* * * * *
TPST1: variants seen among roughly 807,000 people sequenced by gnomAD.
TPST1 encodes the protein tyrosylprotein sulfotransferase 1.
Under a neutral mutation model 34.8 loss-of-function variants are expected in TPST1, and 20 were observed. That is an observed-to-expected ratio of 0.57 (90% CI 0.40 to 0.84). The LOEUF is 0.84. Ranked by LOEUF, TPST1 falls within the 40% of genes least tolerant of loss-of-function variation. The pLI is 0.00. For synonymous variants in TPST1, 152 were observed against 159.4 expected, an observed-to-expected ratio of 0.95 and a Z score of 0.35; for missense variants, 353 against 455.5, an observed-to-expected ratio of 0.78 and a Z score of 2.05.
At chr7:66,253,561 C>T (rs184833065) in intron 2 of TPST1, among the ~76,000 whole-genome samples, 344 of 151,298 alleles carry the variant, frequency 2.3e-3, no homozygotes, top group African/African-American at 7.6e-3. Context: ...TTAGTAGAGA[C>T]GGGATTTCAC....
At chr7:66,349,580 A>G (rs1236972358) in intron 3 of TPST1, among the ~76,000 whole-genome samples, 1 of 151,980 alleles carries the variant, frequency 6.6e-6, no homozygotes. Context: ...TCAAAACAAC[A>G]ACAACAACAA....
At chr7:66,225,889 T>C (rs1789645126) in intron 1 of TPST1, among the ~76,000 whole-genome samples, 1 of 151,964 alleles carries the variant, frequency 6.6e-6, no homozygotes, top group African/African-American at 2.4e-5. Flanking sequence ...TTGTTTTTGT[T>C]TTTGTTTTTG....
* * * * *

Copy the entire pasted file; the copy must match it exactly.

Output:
TPST1: variants seen among roughly 807,000 people sequenced by gnomAD.
TPST1 encodes the protein tyrosylprotein sulfotransferase 1.
Under a neutral mutation model 34.8 loss-of-function variants are expected in TPST1, and 20 were observed. That is an observed-to-expected ratio of 0.57 (90% CI 0.40 to 0.84). The LOEUF is 0.84. Ranked by LOEUF, TPST1 falls within the 40% of genes least tolerant of loss-of-function variation. The pLI is 0.00. For synonymous variants in TPST1, 152 were observed against 159.4 expected, an observed-to-expected ratio of 0.95 and a Z score of 0.35; for missense variants, 353 against 455.5, an observed-to-expected ratio of 0.78 and a Z score of 2.05.
At chr7:66,253,561 C>T (rs184833065) in intron 2 of TPST1, among the ~76,000 whole-genome samples, 344 of 151,298 alleles carry the variant, frequency 2.3e-3, no homozygotes, top group African/African-American at 7.6e-3. Context: ...TTAGTAGAGA[C>T]GGGATTTCAC....
At chr7:66,349,580 A>G (rs1236972358) in intron 3 of TPST1, among the ~76,000 whole-genome samples, 1 of 151,980 alleles carries the variant, frequency 6.6e-6, no homozygotes. Context: ...TCAAAACAAC[A>G]ACAACAACAA....
At chr7:66,225,889 T>C (rs1789645126) in intron 1 of TPST1, among the ~76,000 whole-genome samples, 1 of 151,964 alleles carries the variant, frequency 6.6e-6, no homozygotes, top group African/African-American at 2.4e-5. Flanking sequence ...TTGTTTTTGT[T>C]TTTGTTTTTG....